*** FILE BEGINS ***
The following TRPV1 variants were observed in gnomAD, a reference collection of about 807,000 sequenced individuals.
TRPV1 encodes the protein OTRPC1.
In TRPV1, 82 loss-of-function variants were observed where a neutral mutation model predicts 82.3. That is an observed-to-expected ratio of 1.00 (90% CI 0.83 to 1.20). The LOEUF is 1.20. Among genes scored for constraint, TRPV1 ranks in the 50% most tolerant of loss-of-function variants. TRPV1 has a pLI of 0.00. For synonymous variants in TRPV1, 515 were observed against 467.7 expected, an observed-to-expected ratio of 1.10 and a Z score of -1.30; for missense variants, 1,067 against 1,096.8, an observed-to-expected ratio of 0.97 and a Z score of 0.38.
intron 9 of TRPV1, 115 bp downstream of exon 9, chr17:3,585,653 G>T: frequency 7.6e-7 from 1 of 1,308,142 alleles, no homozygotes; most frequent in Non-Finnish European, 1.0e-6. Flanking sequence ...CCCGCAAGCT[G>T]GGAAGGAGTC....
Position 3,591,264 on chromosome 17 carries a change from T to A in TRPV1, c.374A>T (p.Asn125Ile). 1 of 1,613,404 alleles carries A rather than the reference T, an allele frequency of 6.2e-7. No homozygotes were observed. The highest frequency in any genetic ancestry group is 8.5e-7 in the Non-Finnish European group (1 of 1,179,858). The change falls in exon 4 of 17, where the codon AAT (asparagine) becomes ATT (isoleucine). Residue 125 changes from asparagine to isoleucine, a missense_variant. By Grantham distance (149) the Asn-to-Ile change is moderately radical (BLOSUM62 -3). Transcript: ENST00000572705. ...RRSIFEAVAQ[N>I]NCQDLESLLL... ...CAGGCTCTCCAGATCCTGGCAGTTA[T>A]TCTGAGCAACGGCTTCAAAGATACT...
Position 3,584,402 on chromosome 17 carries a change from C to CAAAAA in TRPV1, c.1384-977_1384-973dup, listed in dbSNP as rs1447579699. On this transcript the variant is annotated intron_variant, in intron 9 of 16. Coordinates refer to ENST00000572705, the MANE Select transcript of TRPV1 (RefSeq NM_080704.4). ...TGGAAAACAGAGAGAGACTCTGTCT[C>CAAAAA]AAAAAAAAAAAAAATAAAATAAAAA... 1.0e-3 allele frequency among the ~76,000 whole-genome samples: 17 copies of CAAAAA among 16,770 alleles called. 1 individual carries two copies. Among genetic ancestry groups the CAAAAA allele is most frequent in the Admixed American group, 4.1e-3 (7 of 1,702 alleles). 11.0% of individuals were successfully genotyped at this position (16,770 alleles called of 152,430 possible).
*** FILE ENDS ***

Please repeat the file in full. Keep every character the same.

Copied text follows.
The following TRPV1 variants were observed in gnomAD, a reference collection of about 807,000 sequenced individuals.
TRPV1 encodes the protein OTRPC1.
In TRPV1, 82 loss-of-function variants were observed where a neutral mutation model predicts 82.3. That is an observed-to-expected ratio of 1.00 (90% CI 0.83 to 1.20). The LOEUF is 1.20. Among genes scored for constraint, TRPV1 ranks in the 50% most tolerant of loss-of-function variants. TRPV1 has a pLI of 0.00. For synonymous variants in TRPV1, 515 were observed against 467.7 expected, an observed-to-expected ratio of 1.10 and a Z score of -1.30; for missense variants, 1,067 against 1,096.8, an observed-to-expected ratio of 0.97 and a Z score of 0.38.
intron 9 of TRPV1, 115 bp downstream of exon 9, chr17:3,585,653 G>T: frequency 7.6e-7 from 1 of 1,308,142 alleles, no homozygotes; most frequent in Non-Finnish European, 1.0e-6. Flanking sequence ...CCCGCAAGCT[G>T]GGAAGGAGTC....
Position 3,591,264 on chromosome 17 carries a change from T to A in TRPV1, c.374A>T (p.Asn125Ile). 1 of 1,613,404 alleles carries A rather than the reference T, an allele frequency of 6.2e-7. No homozygotes were observed. The highest frequency in any genetic ancestry group is 8.5e-7 in the Non-Finnish European group (1 of 1,179,858). The change falls in exon 4 of 17, where the codon AAT (asparagine) becomes ATT (isoleucine). Residue 125 changes from asparagine to isoleucine, a missense_variant. By Grantham distance (149) the Asn-to-Ile change is moderately radical (BLOSUM62 -3). Transcript: ENST00000572705. ...RRSIFEAVAQ[N>I]NCQDLESLLL... ...CAGGCTCTCCAGATCCTGGCAGTTA[T>A]TCTGAGCAACGGCTTCAAAGATACT...
Position 3,584,402 on chromosome 17 carries a change from C to CAAAAA in TRPV1, c.1384-977_1384-973dup, listed in dbSNP as rs1447579699. On this transcript the variant is annotated intron_variant, in intron 9 of 16. Coordinates refer to ENST00000572705, the MANE Select transcript of TRPV1 (RefSeq NM_080704.4). ...TGGAAAACAGAGAGAGACTCTGTCT[C>CAAAAA]AAAAAAAAAAAAAATAAAATAAAAA... 1.0e-3 allele frequency among the ~76,000 whole-genome samples: 17 copies of CAAAAA among 16,770 alleles called. 1 individual carries two copies. Among genetic ancestry groups the CAAAAA allele is most frequent in the Admixed American group, 4.1e-3 (7 of 1,702 alleles). 11.0% of individuals were successfully genotyped at this position (16,770 alleles called of 152,430 possible).